Glenfarclas has one of the most remarkable stories in Scotch whisky history. Fiercely independent, it is one of only three distilleries that has remained in the same family since establishment. While recent times have seen a number of distilleries such as Benromach, Edradour, Benriach and Glendronach returning to independent family ownership, for many years Glenfarclas, Glenfiddich and Springbank were the only family owned distilleries in Scotland, resisting the aggressive consolidation of the market that resulted in the vast majority of distilleries coming under foreign, corporate ownership.
Robert Hay built the distillery on his farm, Rechlerich, in 1836 and sold the farm and distillery to John Grant in 1865, when the story begins. The Grants were prominent local farmers in the area, breeding Aberdeen Angus cattle, and bought Rechlerich to serve as a halfway post between their farm in Glenlivet and the market in Elgin.
Initially John Grant’s cousin John Smith ran the distillery, but he had his hands full running his own operation, which included the Glenlivet Distillery, and he eventually left in 1870 to establish Cragganmore Distillery. The Grants boys stepped in to take over from their cousin and things ticked over peacefully until the 1890s, when at the height of the whisky boom, they formed a joint-venture called the the Glenfarclas-Glenlivet Distillery Company with the infamous Pattinson brothers. If you’ve been paying attention over the past couple of years of these emails, you can guess what happened next; Pattinson’s went bankrupt and the Grants almost followed suit. Fortunately for us, the Grants just managed to stay afloat and with the dissolution of the Glenfarclas-Glenlivet Distillery Company they established J&G Grant, the name under which the company still operates today. Times were tough but by 1914, after many years of hard work and the kind of shrewd accounting which the Scots are famous for, the family had secured the future of Glenfarclas Distillery.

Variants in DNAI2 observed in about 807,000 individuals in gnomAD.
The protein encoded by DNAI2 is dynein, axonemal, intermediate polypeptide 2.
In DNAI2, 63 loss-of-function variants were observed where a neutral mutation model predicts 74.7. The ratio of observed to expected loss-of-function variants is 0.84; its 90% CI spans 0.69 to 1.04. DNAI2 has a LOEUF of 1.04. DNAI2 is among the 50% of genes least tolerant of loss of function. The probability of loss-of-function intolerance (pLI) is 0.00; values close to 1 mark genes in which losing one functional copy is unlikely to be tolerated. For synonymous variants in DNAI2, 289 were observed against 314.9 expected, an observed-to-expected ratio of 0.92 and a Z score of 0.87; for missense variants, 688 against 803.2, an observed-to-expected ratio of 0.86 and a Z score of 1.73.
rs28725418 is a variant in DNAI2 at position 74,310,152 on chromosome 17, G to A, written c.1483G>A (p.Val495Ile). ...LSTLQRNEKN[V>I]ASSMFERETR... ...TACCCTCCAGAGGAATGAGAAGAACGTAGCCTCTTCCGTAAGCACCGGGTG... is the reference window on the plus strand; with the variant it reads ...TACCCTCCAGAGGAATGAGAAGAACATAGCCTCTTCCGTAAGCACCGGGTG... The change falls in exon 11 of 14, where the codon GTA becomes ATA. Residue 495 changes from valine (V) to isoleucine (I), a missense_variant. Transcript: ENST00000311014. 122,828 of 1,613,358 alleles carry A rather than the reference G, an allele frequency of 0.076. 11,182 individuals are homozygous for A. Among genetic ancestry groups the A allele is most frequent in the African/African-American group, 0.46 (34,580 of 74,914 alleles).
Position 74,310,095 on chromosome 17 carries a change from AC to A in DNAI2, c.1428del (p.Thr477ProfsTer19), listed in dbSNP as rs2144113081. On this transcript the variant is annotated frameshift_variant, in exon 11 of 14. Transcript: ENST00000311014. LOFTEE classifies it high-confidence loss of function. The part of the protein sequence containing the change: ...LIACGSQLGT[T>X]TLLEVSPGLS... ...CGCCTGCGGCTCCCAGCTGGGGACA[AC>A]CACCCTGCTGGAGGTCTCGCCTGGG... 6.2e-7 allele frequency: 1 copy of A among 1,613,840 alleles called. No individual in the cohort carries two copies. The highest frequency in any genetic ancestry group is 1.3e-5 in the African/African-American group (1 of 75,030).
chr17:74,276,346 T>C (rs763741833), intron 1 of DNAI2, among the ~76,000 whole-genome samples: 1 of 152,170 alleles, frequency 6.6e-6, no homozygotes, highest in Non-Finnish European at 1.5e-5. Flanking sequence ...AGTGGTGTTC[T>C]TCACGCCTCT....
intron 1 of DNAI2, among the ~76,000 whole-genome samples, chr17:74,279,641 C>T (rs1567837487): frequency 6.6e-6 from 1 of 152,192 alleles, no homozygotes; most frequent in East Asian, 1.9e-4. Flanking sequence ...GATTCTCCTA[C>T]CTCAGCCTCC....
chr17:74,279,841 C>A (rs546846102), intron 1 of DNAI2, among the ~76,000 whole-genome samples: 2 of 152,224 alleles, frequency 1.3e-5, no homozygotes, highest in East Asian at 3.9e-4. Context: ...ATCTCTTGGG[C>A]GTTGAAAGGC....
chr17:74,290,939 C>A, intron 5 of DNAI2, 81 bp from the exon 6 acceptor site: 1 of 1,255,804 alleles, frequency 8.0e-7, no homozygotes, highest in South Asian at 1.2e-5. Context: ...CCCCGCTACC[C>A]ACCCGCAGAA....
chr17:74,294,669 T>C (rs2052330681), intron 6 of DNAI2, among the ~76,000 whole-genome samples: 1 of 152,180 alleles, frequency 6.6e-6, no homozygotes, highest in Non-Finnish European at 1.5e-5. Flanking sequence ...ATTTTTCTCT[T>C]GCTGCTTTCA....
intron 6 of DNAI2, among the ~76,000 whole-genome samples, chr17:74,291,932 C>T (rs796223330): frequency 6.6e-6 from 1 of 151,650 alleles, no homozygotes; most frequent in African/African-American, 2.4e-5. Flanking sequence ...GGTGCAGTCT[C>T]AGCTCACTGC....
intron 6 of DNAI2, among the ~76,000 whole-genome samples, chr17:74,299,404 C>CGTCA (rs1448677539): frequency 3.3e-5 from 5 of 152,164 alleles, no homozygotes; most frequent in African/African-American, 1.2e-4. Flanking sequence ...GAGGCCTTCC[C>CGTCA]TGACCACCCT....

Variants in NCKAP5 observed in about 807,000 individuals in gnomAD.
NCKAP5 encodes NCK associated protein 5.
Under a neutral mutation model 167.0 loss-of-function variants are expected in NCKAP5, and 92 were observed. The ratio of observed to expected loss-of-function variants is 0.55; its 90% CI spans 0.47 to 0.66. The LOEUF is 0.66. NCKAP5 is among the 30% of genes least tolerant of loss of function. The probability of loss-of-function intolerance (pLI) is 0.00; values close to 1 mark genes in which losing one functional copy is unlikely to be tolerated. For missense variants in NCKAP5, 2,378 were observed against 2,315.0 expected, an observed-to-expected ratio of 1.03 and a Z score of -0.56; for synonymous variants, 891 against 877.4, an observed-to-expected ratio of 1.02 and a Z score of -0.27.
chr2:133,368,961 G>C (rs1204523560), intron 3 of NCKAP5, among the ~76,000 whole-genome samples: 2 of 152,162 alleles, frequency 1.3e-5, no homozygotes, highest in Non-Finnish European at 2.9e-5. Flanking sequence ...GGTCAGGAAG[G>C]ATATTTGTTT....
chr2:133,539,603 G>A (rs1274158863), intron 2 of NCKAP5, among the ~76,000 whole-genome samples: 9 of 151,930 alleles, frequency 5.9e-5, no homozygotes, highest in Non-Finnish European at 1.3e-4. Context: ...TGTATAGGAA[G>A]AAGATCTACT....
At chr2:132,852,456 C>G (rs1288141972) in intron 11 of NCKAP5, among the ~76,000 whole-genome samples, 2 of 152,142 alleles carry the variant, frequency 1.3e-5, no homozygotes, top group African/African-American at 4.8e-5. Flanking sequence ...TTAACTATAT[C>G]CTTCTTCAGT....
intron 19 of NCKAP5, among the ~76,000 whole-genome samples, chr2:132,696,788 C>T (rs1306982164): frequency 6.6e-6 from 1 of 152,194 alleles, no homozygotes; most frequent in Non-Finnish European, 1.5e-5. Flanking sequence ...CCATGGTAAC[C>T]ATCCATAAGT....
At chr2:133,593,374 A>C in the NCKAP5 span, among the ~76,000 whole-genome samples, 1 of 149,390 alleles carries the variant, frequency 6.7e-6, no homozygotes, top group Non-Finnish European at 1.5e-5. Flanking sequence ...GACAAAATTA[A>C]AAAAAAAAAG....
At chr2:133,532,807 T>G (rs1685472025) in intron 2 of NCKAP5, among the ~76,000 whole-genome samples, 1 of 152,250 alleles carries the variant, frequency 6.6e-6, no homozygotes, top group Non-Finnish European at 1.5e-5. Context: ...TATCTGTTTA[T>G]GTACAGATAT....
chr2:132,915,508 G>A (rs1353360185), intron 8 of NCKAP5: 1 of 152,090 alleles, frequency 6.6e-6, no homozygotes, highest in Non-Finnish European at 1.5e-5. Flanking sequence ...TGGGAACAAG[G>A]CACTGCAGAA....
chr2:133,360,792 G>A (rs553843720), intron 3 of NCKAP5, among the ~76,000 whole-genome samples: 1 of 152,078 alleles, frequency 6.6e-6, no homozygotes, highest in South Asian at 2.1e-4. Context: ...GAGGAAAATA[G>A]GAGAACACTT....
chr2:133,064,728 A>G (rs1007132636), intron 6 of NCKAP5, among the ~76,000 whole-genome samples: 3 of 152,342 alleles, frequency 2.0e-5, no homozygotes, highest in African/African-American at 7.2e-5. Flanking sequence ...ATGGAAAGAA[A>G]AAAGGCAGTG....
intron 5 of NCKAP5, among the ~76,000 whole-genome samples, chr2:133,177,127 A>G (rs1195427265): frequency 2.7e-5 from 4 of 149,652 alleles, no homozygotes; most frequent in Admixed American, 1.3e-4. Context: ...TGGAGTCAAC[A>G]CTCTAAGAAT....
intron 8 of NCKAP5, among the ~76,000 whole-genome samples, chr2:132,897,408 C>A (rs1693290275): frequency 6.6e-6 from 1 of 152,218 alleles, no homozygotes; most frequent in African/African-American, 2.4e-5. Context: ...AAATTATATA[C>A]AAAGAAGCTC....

But for the last 115 years or so following the Pattinson’s kerfuffle all has gone blissfully well at Glenfarlas Distillery. Notable events include the 1960 expansion from two stills to four and the 1976 addition of a further two stills. The 20th century saw the distillery continue to be run by a succession of Grant men, notably George S. Grant who served as Chairman for a remarkable 52 years and had one of the most profound effects on the company. He decided to limit the amount of casks sold to blenders and the result is that at a time when stocks of aged Scotch whisky are at an all time low, Glenfarclas has one of the largest holdings of old casks in Scotland, which explains the presence of a 40 year old as a core product in the portfolio while others are forced to introduce Non-Age-Statement whiskies. John L.S. Grant succeeded his father George S. Grant as Chairman in 2002, and in 2007 released the first of the now hugely sought after Family Casks range with a bottling from every vintage between 1952 and 1994. He also has a son, George, who represents the sixth generation of the Grant family and is the firm’s Brand Ambassador.
Glenfarclas is indeed a true cult whisky, synonymous with sherry and known for its unrivalled consistency of flavour over the decades. Perhaps their status in the industry is best summed up in the words of a rival distiller, who wrote to the Grant family in May, 1912: “of all the whiskies, malt is king, of all the kings, Glenfarclas reigns supreme”.